With the world’s best-loved football team and a regenerated city centre, the unofficial capital of the north is bags of fun. Words: KIM SMITH

Soon after arriving in Manchester I ask a bus driver for directions. He answers by depositing me exactly where I want to go, despite the fact it’s not on his regular route. As far as first impressions go, the driver has given England’s uncrowned capital of the North a flying start.

Manchester is most famous for one of its football teams, but there’s a lot more to the city than Rooney and Ronaldo. Speaking of Rooney, the historian AJP Taylor wrote that Manchester has “everything but good looks … the only place in England which escapes our characteristic vice of snobbery”, which is a pretty good call. Everywhere I go, the mood is bright and Mancunians come across as a down-to-earth breed.

As far as aesthetic appeal goes, it’s been slowly improving since 1996 when the city was hit by an IRA bomb, the largest to go off in mainland Britain. The old buildings that were demolished allowed for the beginning of a new-look city centre, which had a knock-on effect, especially in the lead-up to staging the 2002 Commonwealth Games.

Nowadays, the city still isn’t altogether striking, but it’s come a long way and is still moving. Among the more remarkable buildings are the Manchester Museum on Oxford Road and the Manchester Art Gallery on Mosley Street. The museum, stocked with almost six million specimens and objects, is worth checking out, especially for its Egyptology section. The same goes for the art gallery, which houses 25,000 objects of fine art, decorative art and costume. Reopened in 2002 after a four-year £35m redevelopment, you could spend a couple of hours admiring its wonders.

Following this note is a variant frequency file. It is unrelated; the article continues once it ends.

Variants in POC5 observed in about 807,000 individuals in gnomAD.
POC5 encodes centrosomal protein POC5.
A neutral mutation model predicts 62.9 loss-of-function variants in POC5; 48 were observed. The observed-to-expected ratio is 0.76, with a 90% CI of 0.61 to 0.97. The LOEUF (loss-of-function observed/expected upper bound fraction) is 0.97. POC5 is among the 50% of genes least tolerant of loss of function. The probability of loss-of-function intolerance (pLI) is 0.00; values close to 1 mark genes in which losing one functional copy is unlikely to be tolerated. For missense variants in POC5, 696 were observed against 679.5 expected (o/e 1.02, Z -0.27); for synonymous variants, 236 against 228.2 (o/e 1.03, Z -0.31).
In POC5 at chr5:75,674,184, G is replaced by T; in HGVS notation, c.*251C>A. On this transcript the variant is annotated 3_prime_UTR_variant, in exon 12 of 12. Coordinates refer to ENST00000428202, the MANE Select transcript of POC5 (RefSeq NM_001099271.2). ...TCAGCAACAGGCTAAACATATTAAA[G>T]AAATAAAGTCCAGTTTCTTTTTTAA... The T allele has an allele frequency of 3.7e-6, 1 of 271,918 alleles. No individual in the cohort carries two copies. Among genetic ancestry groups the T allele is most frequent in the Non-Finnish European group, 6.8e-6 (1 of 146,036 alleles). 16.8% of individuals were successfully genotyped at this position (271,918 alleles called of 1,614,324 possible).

Arguably the most stunning modern building in the city is The Lowry. Located bang in the middle of the redeveloped Salford Quays, it opened in 2000 to a mixed reception, which isn’t surprising. With its futuristic glass and metallic construction, you either love it or hate it. Regardless of which group you fall into, a visit is essential, whether to wander around the art gallery, see some theatre or simply relax in one of the restaurants or bars.

If football is more your thing, good luck trying to get a ticket to watch United – they’re as rare as natural tans this far north. Your best bet is to catch a Manchester City game at the City of Manchester Stadium or soak up the matchday atmosphere at one of the many pubs. Alternatively, you can visit the Manchester United Museum at Old Trafford or go on a tour of the ground to get your football fix – dugout, players’ tunnel and dressing room included.

While you’re out this way, you might want to check out The Trafford Centre: it’s a shopper’s paradise. In fact, Manchester has so much going for it retail-wise, you could plan a trip here based on shopping alone. There are also some decent shops around the city centre and Northern Quarter; keep your eye out for the Rags to Bitches boutique for some great vintage gear.

Another thing Taylor, said that makes a lot of sense is that it’s the only city “which can look London in the face … as a rival version of how people should live in a community”. From the football fans dripping in red and white to bus drivers who go out of their way to help you, this is a city locals are proud to call home, and deservedly so.

• Kim Smith travelled to Manchester with Virgin Trains. Fares from London to Manchester start at £12.50 single, £25 return